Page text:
Tampa Bay: C
This deal was a three way trade between Columbus, Detroit, and Tampa Bay. In adding Detroit to the mix, Tampa was able to stay under the salary cap and only pay 25% of Savard’s salary. Detroit grades out with an A for utilizing their cap spacing and nabbing what is basically a free 4th round pick for simply retaining 25% of Savard’s salary. For Columbus, a first and third round pick for a middle level defenseman is probably more than they expected, thus the A grade for them as well. Finally, the Lightning receives a C in this trade. Although they were on the lookout for another defenseman, a first round pick is a bit of an overpayment for a player like Savard. Tampa has shown their willingness to trade away first rounders, as they did twice last deadline. Luckily for the Lightning, this pick will likely be late in the first round, so it shouldn’t worry them that much.
Columbus trades Nick Foligno (50% retained) to the San Jose Sharks for Stefan Noesen, San Jose trades Nick Foligno (25% retained) to the Toronto Maple Leafs for 2021 fourth round pick, Columbus trades Stefan Noesen to the Toronto Maple Leafs for a 2021 first round pick and 2022 fourth round pick
San Jose: A
Another three team deal, Columbus was again able to add a third team to their trade and utilize their cap space in order to retain salary. By doing so, Toronto is now only paying 25% of Foligno’s salary; this is probably a big reason as to why they both traded a first rounder for Foligno and went after him rather than, say, Taylor Hall. Columbus again grades out with an A for adding another first round pick for a player who probably isn’t worth one. San Jose, like Detroit, gets an A for acquiring a fourth rounder just to retain some salary. Finally, many Toronto fans will be disappointed that they weren’t able to trade for a top six winger at the deadline, however, Foligno still brings value. The captain of the Blue Jackets, he’ll bring veteran leadership and depth scoring (16 points in 42 games) along with solid defense. The Maple Leafs receive a C for an average deal in which they overpaid a litte.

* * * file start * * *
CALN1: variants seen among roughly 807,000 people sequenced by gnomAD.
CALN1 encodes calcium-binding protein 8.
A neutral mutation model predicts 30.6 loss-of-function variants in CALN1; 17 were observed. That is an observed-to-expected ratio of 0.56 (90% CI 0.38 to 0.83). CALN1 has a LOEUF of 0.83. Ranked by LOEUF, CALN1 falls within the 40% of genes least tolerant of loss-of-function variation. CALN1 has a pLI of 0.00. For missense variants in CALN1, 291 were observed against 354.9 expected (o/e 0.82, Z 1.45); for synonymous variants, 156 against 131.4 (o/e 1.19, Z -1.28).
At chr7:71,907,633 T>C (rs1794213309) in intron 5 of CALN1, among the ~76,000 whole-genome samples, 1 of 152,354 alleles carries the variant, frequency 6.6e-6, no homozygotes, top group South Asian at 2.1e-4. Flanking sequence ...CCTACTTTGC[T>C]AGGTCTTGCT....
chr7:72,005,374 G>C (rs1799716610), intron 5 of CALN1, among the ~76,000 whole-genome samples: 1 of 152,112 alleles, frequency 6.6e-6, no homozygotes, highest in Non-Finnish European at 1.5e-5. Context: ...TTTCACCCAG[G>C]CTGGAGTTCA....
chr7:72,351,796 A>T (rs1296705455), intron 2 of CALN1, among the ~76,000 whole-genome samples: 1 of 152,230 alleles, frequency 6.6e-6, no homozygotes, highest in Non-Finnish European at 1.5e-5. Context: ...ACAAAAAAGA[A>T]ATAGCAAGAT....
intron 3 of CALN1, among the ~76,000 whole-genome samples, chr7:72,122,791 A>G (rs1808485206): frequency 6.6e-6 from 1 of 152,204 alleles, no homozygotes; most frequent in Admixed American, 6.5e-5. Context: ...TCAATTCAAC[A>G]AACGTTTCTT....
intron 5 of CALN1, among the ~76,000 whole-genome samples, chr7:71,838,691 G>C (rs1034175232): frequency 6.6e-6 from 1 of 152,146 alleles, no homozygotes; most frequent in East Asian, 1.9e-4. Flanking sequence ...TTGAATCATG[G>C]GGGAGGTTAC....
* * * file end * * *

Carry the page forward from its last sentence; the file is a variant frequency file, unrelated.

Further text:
Los Angeles trades Jeff Carter to the Pittsburgh Penguins for a conditional 2022 third round pick (2022 third round pick becomes a second round pick if the Penguins reach the Stanley Cup Final and if Carter plays in at least 50% of the games) and a 2023 fourth round pick
Los Angeles: B+
This was a slightly surprising deal that came Monday, as Jeff Carter has been a staple in Los Angeles since his trade there in 2012. At 36 years old, he’s certainly on the back end of his career, but he has managed to score at nearly half a point per game this season (19 points in 40 games). For the Kings, it’s a solid deal for an aging veteran with one year left still on his contract. They’ll get a B+ for adding some mid-range draft picks for a player like Carter. In Pittsburgh’s case, the trade was a bit of an odd one; many wonder whether Carter will fit in the Penguin’s lineup. He’s probably slotted for a bottom six role, but might be moved from his natural position of center to wing. Pittsburgh gets a B- for making a trade that probably wasn’t super necessary, however, they didn’t give up too much to get Carter. Additionally, as a proven playoff performer, Carter could add some spark for a Penguins team looking to make a deep run.